The Lives and Deaths of some of the great Puritans
The grace of God seen in the lives and works of some of the greatest Scottish and English Puritans of all time. This work is called “Memoirs of the Puritans”. I will be taking each section on each puritan and systematically posting them here for your introduction to their life and work.
A Short Introduction to the Lives of the Puritans
THE English nation, under Henry VIII, having renounced the jurisdiction of Rome: The loss of such an important department of his spiritual kingdom exasperated the Roman pontiff almost to madness; but finding his power and influence unequal to the task of recovering his supremacy, he carefully watched every movement of the English government, in hopes that more auspicious circumstances might enable him to reclaim his scattered flock, and once more gather them together under the maternal wings of the Romish church. During the life of Henry he was not altogether without hope; but the piety and protestant principles of Edward his successor, together with the rapid progress of the reformation, almost drove him to despair. The short reign of this amiable prince, however, opened the way for his sister Mary to the throne, a bigoted papist, naturally peevish, and so much soured to resentment for the injustice done to her mother and herself by the reformers, that the pope found her a tool, in every respect fitting for the work he intended to put into her hands. The circumstances were promising, the moment was precious, and the holy father was determined not to let it slip. Accordingly, his paternal admonitions, together with those of her ghostly directors, were so congenial to the narrow and intolerant soul of Mary, that they were, on all occasions, implicitly and cordially embraced, and executed with such a rigor of vengeance, that every consideration of sound policy and humane feeling were swallowed up in the raging propensity to extirpate heresy from her dominions, and restore the glory of ‘holy mother church. Hence, in the short space of three years, two hundred and seventy-seven individuals were brought to the stake, and consumed in the flames, independent of vast numbers who suffered by cruel imprisonments, and a variety of tortures, or were ruined by fines, or the confiscation of their property. Of those who perished in the fire, there were five bishops, twenty-one clergymen, eight gentlemen, eighty-four tradesmen, one hundred husbandmen, servants, and laborers, fifty-five women, and four children.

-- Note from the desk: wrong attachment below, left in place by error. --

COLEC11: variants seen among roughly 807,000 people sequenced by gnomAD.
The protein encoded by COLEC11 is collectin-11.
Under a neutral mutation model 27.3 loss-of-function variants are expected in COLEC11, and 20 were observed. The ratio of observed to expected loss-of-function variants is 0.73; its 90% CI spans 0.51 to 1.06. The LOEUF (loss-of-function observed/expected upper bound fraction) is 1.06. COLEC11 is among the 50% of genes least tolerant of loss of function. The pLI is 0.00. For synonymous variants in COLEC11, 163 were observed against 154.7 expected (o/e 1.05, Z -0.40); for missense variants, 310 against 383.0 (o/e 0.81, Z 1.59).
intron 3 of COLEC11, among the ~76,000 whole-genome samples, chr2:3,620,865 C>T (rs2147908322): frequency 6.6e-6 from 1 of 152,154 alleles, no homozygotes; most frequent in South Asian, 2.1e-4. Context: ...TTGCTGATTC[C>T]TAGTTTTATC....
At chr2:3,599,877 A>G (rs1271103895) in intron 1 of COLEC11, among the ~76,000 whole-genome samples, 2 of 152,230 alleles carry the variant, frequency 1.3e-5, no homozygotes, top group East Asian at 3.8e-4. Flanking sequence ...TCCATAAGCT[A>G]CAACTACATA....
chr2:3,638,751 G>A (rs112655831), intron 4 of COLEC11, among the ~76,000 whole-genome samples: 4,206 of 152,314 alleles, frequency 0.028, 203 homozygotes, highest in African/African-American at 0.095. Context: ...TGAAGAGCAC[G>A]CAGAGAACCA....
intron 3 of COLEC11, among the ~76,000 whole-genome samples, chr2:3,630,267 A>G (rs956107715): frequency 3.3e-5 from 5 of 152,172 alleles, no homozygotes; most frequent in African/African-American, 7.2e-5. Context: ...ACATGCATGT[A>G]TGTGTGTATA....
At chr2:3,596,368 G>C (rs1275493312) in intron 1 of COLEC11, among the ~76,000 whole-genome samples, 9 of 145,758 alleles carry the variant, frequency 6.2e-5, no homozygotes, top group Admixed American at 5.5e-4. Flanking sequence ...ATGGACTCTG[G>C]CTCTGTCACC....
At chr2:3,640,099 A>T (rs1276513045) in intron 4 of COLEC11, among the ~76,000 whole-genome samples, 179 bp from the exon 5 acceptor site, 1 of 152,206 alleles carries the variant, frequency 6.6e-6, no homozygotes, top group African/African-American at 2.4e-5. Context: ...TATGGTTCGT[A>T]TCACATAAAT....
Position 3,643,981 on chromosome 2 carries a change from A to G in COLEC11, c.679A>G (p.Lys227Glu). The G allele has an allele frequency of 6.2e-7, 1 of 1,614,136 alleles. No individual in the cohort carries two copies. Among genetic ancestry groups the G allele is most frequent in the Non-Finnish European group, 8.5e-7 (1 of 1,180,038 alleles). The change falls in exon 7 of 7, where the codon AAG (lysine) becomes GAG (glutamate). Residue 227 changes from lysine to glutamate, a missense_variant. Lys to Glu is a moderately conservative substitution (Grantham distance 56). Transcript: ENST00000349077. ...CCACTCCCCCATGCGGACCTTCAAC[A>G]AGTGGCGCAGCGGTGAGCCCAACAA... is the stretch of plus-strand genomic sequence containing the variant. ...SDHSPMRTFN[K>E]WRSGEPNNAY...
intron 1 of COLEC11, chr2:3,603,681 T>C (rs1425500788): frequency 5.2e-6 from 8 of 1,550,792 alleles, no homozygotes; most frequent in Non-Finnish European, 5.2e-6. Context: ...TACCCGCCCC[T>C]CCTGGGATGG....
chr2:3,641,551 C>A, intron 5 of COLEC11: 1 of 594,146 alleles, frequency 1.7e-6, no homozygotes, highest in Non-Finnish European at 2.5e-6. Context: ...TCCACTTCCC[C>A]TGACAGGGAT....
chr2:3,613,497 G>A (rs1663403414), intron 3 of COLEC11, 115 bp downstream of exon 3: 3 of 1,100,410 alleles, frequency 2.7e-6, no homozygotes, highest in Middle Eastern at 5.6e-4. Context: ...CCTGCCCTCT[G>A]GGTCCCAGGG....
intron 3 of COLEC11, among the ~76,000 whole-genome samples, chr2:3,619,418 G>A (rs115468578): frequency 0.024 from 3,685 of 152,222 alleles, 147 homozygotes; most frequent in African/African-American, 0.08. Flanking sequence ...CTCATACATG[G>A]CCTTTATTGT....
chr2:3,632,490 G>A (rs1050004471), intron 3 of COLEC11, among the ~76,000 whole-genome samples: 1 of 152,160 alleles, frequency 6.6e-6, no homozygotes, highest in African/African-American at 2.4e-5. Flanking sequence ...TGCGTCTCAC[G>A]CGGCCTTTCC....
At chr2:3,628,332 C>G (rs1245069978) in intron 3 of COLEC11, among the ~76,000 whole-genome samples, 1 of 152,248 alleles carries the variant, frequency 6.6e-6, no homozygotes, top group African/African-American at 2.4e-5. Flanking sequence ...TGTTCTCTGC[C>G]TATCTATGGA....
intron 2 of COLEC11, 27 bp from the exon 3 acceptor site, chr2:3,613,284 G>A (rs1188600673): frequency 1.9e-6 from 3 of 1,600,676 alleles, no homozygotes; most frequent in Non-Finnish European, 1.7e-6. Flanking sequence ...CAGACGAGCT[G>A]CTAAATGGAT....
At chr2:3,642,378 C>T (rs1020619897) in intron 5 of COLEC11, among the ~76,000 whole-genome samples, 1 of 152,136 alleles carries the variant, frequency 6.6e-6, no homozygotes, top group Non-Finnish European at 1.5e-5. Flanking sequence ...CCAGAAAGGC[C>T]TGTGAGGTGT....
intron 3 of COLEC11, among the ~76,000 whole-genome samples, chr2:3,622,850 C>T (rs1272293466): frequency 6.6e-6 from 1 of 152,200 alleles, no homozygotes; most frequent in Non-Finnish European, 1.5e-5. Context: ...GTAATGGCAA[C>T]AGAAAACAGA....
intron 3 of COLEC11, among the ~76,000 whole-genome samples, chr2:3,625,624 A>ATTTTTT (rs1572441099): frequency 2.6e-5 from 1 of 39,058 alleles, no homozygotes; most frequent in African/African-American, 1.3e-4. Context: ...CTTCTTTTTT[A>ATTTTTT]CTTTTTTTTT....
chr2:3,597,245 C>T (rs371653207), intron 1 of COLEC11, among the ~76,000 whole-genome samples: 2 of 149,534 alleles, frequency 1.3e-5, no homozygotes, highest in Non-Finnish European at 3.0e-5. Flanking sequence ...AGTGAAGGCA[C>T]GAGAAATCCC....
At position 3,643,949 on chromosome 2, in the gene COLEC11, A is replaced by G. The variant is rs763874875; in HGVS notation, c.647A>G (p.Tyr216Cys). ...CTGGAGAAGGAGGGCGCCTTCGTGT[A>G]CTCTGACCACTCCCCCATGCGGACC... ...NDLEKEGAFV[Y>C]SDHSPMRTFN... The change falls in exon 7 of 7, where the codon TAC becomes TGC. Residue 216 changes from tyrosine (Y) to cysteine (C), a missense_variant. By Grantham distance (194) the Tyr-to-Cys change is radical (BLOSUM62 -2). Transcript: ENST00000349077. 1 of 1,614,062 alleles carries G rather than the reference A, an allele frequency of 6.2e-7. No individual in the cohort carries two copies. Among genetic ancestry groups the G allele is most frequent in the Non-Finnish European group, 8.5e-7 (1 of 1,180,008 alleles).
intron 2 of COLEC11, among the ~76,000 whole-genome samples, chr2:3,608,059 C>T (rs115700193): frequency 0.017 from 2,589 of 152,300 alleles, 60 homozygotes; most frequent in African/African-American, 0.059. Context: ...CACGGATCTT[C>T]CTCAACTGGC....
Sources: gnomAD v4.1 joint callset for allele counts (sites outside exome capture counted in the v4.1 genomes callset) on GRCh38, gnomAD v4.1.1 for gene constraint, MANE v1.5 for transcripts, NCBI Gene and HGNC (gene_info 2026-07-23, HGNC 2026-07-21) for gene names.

Aware of the impossibility of burning, or otherwise destroying all the reformers, they endeavored to flatter and cajole them into their measures, and those who continued refractory were hurried to prison, where a string of articles were offered them to subscribe, and whoever had the hardihood to reject the queen’s mercy, thus brought to their very hand, were denounced as obstinate heretics, and sent to the flames. This merciless mode of procedure, they presumed, would soon silence all opposition; but they were too sanguine in their expectations, for notwithstanding of all the victims, thus cruelly sacrificed, the heretics were rapidly increasing in number, resolution, and implacable animosity against the perpetrators of these disgusting atrocities, which were already become odious to the whole nation; as appeared in the opposition of the new parliament.
During this period of intolerant and persecuting severity, those protestant clergymen, who escaped the fangs of this royal tigress and her bloodhounds, were dispersed, and fled for safety to the protestant countries on the continent, where they were received, particularly at Geneva, with the most fraternal hospitality. On the death of Mary, her sister Elizabeth was placed upon the throne, and the persecuted exiles returned with joyful hearts to their native country, and were restored to their flocks, and the exercise of their ministry in the churches from which they had been expelled: But most of them, during their absence, had become strongly attached to the simple ceremonial of Geneva, and other reformed churches on the continent; and finding so much of the Romish superstition still retained in the liturgy of the church of England, had their doubts how far it was lawful for them to conform; anxious, at the same time, to purge the ritual of the church of England down to something like the simplicity of the foreign churches. Here, however, they were opposed by the whole body of the dignified clergy, many of whom had been papists, and conformed to save their livings, and, in hopes of another change, were desirous to keep as near as possible to the establishment they had left. But, above all, the imperious queen, who, together with her crown, inherited also, from her father, a superabundant portion of his tyrannical spirit, held to the very letter of her supremacy with unreasonable tenacity, prohibiting all innovations. Though her interest and inclination seemed to concur with her education in making her a determined protestant, yet she evinced a feminine fondness for the external pomp and gaudy splendor of worship, and inclined rather to extend than diminish the established ceremonial; nor were the rigid manners of these pious exiles at all congenial to her spirit, which greatly betrayed the hypocrisy of her outward profession of the protestant religion.